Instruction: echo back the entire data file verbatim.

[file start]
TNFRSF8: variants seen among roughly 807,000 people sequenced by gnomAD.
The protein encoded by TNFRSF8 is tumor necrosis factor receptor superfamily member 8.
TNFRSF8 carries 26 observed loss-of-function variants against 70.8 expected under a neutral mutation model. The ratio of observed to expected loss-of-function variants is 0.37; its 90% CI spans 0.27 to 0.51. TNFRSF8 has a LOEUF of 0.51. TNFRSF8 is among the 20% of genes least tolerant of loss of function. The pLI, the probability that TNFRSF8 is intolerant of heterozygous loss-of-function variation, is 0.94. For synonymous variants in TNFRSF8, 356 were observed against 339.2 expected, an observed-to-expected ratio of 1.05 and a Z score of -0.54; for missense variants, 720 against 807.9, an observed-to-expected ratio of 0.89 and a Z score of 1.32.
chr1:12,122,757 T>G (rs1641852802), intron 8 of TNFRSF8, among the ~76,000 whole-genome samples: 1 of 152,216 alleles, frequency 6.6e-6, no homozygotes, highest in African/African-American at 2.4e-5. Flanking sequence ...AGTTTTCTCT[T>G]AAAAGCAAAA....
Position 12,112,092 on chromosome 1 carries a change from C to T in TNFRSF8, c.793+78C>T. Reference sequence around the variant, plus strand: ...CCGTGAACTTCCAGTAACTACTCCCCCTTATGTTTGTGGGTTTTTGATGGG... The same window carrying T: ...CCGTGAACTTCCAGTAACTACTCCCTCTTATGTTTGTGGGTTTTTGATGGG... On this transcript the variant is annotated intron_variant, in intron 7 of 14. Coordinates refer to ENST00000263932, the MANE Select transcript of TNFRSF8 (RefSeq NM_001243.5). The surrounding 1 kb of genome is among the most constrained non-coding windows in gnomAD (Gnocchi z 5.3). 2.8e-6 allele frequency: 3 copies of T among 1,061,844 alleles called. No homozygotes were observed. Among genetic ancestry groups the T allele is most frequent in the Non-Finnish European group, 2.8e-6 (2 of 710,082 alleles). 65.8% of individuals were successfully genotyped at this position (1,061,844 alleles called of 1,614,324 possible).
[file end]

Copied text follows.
TNFRSF8: variants seen among roughly 807,000 people sequenced by gnomAD.
The protein encoded by TNFRSF8 is tumor necrosis factor receptor superfamily member 8.
TNFRSF8 carries 26 observed loss-of-function variants against 70.8 expected under a neutral mutation model. The ratio of observed to expected loss-of-function variants is 0.37; its 90% CI spans 0.27 to 0.51. TNFRSF8 has a LOEUF of 0.51. TNFRSF8 is among the 20% of genes least tolerant of loss of function. The pLI, the probability that TNFRSF8 is intolerant of heterozygous loss-of-function variation, is 0.94. For synonymous variants in TNFRSF8, 356 were observed against 339.2 expected, an observed-to-expected ratio of 1.05 and a Z score of -0.54; for missense variants, 720 against 807.9, an observed-to-expected ratio of 0.89 and a Z score of 1.32.
chr1:12,122,757 T>G (rs1641852802), intron 8 of TNFRSF8, among the ~76,000 whole-genome samples: 1 of 152,216 alleles, frequency 6.6e-6, no homozygotes, highest in African/African-American at 2.4e-5. Flanking sequence ...AGTTTTCTCT[T>G]AAAAGCAAAA....
Position 12,112,092 on chromosome 1 carries a change from C to T in TNFRSF8, c.793+78C>T. Reference sequence around the variant, plus strand: ...CCGTGAACTTCCAGTAACTACTCCCCCTTATGTTTGTGGGTTTTTGATGGG... The same window carrying T: ...CCGTGAACTTCCAGTAACTACTCCCTCTTATGTTTGTGGGTTTTTGATGGG... On this transcript the variant is annotated intron_variant, in intron 7 of 14. Coordinates refer to ENST00000263932, the MANE Select transcript of TNFRSF8 (RefSeq NM_001243.5). The surrounding 1 kb of genome is among the most constrained non-coding windows in gnomAD (Gnocchi z 5.3). 2.8e-6 allele frequency: 3 copies of T among 1,061,844 alleles called. No homozygotes were observed. Among genetic ancestry groups the T allele is most frequent in the Non-Finnish European group, 2.8e-6 (2 of 710,082 alleles). 65.8% of individuals were successfully genotyped at this position (1,061,844 alleles called of 1,614,324 possible).